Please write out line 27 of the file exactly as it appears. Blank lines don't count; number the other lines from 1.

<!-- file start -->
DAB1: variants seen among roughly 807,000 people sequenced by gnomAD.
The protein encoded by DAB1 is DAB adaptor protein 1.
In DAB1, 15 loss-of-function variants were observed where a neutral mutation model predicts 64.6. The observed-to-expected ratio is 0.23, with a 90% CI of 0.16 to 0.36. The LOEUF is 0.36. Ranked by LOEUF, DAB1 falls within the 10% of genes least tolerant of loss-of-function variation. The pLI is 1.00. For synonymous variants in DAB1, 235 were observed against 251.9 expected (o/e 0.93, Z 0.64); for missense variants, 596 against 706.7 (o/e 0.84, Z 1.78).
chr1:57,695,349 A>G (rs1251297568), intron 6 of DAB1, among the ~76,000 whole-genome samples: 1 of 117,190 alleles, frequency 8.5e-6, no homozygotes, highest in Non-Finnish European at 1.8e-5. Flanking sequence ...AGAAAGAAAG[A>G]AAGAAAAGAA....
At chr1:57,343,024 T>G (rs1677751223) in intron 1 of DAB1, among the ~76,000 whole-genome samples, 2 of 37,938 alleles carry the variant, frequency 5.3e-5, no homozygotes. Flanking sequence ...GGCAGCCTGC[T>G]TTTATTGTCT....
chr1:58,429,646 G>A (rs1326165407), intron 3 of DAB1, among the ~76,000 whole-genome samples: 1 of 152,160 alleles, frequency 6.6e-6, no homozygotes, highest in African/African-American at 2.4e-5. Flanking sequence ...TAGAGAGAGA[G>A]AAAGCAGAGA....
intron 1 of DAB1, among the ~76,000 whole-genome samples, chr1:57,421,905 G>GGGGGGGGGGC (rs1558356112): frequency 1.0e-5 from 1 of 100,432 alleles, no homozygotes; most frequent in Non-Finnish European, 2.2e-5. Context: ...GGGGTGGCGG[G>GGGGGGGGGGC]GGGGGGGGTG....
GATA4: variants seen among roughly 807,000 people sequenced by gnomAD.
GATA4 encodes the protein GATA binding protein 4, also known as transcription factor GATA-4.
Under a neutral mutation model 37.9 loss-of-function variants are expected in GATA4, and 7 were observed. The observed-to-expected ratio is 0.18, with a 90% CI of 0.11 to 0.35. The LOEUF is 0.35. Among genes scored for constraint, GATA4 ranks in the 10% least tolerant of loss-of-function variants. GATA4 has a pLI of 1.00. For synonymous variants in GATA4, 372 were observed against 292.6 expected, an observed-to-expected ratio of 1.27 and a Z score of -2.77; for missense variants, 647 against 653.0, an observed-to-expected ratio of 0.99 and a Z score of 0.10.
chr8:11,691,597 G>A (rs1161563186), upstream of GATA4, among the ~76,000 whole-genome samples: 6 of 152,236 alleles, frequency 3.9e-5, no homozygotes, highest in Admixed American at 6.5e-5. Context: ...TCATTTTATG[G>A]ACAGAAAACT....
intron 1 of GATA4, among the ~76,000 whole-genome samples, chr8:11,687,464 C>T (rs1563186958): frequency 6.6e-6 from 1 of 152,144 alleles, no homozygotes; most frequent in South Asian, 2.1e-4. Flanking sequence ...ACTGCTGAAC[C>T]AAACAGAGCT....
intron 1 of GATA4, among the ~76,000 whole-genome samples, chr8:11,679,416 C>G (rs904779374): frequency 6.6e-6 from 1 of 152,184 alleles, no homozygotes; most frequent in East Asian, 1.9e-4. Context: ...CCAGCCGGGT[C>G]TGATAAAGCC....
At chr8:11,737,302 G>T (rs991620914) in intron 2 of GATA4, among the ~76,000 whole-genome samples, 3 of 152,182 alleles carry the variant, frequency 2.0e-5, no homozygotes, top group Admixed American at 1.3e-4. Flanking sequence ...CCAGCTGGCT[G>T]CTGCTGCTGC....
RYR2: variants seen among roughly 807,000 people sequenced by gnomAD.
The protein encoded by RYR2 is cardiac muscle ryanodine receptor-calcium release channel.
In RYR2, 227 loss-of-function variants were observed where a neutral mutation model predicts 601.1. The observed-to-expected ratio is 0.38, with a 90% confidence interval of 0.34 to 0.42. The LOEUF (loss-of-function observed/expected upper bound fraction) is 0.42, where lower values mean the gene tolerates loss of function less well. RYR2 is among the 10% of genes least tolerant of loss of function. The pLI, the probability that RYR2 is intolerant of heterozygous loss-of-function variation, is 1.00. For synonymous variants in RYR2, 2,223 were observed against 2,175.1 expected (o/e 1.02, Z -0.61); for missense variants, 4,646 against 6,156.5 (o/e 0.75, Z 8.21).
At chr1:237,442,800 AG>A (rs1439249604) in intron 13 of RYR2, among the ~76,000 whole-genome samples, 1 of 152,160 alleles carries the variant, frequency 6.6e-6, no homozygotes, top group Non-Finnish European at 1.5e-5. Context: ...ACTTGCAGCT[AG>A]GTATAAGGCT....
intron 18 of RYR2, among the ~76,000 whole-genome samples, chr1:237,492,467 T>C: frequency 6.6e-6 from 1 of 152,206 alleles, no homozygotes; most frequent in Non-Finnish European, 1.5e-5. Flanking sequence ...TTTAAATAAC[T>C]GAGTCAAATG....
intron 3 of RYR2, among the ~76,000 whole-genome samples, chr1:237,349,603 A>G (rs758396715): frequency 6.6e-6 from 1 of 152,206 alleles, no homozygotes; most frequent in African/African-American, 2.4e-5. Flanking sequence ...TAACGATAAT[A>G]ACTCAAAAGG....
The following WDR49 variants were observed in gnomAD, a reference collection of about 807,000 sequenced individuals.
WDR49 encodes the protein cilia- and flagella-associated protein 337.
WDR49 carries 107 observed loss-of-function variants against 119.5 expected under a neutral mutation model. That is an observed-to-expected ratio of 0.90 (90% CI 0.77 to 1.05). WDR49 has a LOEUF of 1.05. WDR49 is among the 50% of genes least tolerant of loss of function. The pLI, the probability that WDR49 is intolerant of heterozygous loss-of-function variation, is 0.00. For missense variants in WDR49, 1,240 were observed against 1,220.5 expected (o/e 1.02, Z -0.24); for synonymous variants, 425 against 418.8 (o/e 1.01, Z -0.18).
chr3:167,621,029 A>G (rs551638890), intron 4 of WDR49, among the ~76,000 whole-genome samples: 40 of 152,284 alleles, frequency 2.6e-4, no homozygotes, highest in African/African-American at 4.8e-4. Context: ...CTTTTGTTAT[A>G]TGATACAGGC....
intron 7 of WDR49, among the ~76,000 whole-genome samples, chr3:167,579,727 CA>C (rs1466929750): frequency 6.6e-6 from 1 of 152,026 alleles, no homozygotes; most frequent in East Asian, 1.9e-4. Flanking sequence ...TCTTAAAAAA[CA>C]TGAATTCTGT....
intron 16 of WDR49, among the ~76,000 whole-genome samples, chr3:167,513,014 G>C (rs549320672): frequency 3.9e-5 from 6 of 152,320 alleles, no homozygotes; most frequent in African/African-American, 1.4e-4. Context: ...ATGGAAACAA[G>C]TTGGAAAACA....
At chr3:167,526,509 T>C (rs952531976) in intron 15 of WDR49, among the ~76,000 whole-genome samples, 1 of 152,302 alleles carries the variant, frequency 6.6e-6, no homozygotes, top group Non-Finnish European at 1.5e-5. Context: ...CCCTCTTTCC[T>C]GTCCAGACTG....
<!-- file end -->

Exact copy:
At chr3:167,526,509 T>C (rs952531976) in intron 15 of WDR49, among the ~76,000 whole-genome samples, 1 of 152,302 alleles carries the variant, frequency 6.6e-6, no homozygotes, top group Non-Finnish European at 1.5e-5. Context: ...CCCTCTTTCC[T>C]GTCCAGACTG....